"Religion is a hypothesis about the world: the hypothesis that things are the way they are, at least in part, because of supernatural entities or forces acting on the natural world. And there's no good reason to treat it any differently from any other hypothesis. Which includes pointing out its flaws and inconsistencies, asking its adherents to back it up with solid evidence, making jokes about it when it's just being silly, offering arguments and evidence for our own competing hypotheses...and trying to persuade people out of it if we think it's mistaken. It's persuasion. It's the marketplace of ideas. Why should religion get a free ride"

Greta Christina

Tuesday, 28 June 2011

Move over Palin...Make way for Michelle Bachmann

I don’t usually mention U.S politics, except perhaps in passing as many of the well-known atheist blogs carry enough of that already. However I have to mention Michelle Bachmann’s bid to become the Republican candidate for the 2012 presidential election.
The thing is, I’m not sure whether I’m pleased, on the basis that no sane person would ever vote this bible thumping, homophobic tea bagger conservative wingnut into the White House. Or terrified because there just might be enough insane Republican voters to put her there.
Make no mistake about this; “President” Bachmann would make George Bush look like a ultra liberal “pinko”. If she were leader of the free world, not only would civil rights, free speech and rational government become a thing of the past in America, the de-facto theocracy she would attempt to impose would become one of the most destabilising influences in world politics imaginable.
If you were ever disturbed by Bush’s anti-intellectualism, try some of Bachmann’s quotes for size:
"I find it interesting that it was back in the 1970s that the swine flu broke out under another, then under another Democrat president, Jimmy Carter. I'm not blaming this on President Obama, I just think it's an interesting coincidence." -Rep. Michele Bachmann, on the 1976 Swine Flu outbreak that happened when Gerald Ford, a Republican, was president, April 28, 2009

"There are hundreds and hundreds of scientists, many of them holding Nobel Prizes, who believe in intelligent design." -Rep. Michele Bachmann, Oct. 2006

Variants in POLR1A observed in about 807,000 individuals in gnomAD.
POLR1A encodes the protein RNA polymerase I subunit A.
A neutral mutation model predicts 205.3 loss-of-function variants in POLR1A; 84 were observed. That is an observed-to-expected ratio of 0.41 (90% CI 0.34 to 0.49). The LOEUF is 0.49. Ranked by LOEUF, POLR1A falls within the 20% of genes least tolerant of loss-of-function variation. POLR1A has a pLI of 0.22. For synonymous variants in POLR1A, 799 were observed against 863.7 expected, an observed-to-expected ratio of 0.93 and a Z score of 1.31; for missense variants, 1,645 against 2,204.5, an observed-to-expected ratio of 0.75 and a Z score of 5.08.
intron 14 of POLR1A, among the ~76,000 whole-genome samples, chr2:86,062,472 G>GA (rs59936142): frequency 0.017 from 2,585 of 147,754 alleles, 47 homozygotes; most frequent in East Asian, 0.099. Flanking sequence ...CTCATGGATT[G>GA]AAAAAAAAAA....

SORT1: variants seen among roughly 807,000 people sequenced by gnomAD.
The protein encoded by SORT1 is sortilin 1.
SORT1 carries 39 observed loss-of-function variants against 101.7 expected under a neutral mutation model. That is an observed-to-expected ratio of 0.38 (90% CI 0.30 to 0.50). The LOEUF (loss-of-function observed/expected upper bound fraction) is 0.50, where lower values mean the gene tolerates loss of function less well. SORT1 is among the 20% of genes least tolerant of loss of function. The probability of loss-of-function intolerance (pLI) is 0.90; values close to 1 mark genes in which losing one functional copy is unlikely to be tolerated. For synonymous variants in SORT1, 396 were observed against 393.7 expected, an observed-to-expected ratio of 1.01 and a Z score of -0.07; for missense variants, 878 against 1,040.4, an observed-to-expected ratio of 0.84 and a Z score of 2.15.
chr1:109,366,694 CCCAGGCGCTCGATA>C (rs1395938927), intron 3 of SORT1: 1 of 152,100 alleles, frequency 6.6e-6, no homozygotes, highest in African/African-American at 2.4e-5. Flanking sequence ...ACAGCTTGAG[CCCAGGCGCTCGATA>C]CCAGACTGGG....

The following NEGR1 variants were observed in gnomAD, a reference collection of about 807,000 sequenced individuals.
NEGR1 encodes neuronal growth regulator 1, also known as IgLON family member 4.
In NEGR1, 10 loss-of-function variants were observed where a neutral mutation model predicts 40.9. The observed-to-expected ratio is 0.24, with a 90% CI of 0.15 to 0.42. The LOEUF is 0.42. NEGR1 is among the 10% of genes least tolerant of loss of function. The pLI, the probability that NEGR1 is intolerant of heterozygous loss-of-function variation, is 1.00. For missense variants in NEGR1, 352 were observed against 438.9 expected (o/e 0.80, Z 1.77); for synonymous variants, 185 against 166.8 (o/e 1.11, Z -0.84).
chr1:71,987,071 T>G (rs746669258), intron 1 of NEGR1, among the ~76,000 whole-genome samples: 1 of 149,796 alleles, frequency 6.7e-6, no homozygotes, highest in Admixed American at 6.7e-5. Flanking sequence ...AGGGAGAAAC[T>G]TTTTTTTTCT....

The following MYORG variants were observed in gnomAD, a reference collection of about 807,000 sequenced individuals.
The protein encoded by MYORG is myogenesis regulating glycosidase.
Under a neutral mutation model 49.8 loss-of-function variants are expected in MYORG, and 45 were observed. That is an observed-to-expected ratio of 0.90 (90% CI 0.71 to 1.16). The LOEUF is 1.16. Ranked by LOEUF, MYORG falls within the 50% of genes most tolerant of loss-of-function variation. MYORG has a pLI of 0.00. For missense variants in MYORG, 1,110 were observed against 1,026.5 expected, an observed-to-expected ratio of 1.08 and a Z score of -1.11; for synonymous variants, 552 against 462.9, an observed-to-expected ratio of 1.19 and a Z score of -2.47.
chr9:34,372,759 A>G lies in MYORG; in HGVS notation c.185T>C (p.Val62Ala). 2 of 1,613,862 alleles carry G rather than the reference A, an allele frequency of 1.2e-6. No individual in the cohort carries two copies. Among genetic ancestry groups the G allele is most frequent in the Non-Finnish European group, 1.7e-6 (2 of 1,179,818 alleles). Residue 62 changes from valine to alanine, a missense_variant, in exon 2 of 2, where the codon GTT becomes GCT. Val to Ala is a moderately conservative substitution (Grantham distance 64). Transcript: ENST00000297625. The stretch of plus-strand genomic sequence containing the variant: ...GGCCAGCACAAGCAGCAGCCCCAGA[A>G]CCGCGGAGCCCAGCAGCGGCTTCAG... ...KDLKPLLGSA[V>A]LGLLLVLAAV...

"Carbon dioxide is portrayed as harmful. But there isn't even one study that can be produced that shows that carbon dioxide is a harmful gas." -Rep. Michelle Bachmann, April, 2009

"Does that mean that someone's 13-year-old daughter could walk into a sex clinic, have a pregnancy test done, be taken away to the local Planned Parenthood abortion clinic, have their abortion, be back and go home on the school bus? That night, mom and dad are never the wiser." -Rep. Michele Bachmann, on health care reform's potential to dupe parents, October 2009

If you trust the American people to find this rhetoric as absurd and abhorrent as I do, we have nothing to worry about and we can at least get another four years of Obama style centre politics (I won’t call him a liberal, all U.S politicians lean much further to the right than their equivalents in the U.K) and an administration that knows where the rest of the world is on a map. If on the other hand the Democrats over there don’t come out in force and vote, Bachmann’s God bothering, Christian nation brand of popularist conservatism could get her and the Tea Party Rethuglicans the power they crave. Then watch out!

Monday, 27 June 2011

This is sweet

This is a cute little story.Five Norfolk parishes are to install beehives in their churchyards in order to help the environment in response to the decline in honeybees.
Naturally they are also using this as a way to “…bring the local community together”, for which read create an opportunity to evangelise. Well O.K, you can’t blame them for that and the project is of itself a worthwhile one, however I couldn’t resist a wry smile at this…
"If we can get people together to look after bees... barriers can be brought down and people might feel that it's safe to come into church as well."
I wonder in what sense people feel it is not safe to go to church, other than maybe they’ll get suckered into believing a lot of mystical nonsense and end up crooning hymns to a long dead Palestinian every Sunday. Sort of the same reason people don’t feel safe attending timeshare presentations, they know there is a danger they might end up buying something they neither want nor need.
Whatever, I wish the church well with the bees and hope the locals will still get involved while avoiding the obvious sting.

Tuesday, 21 June 2011

BHA calls out chair of EHRC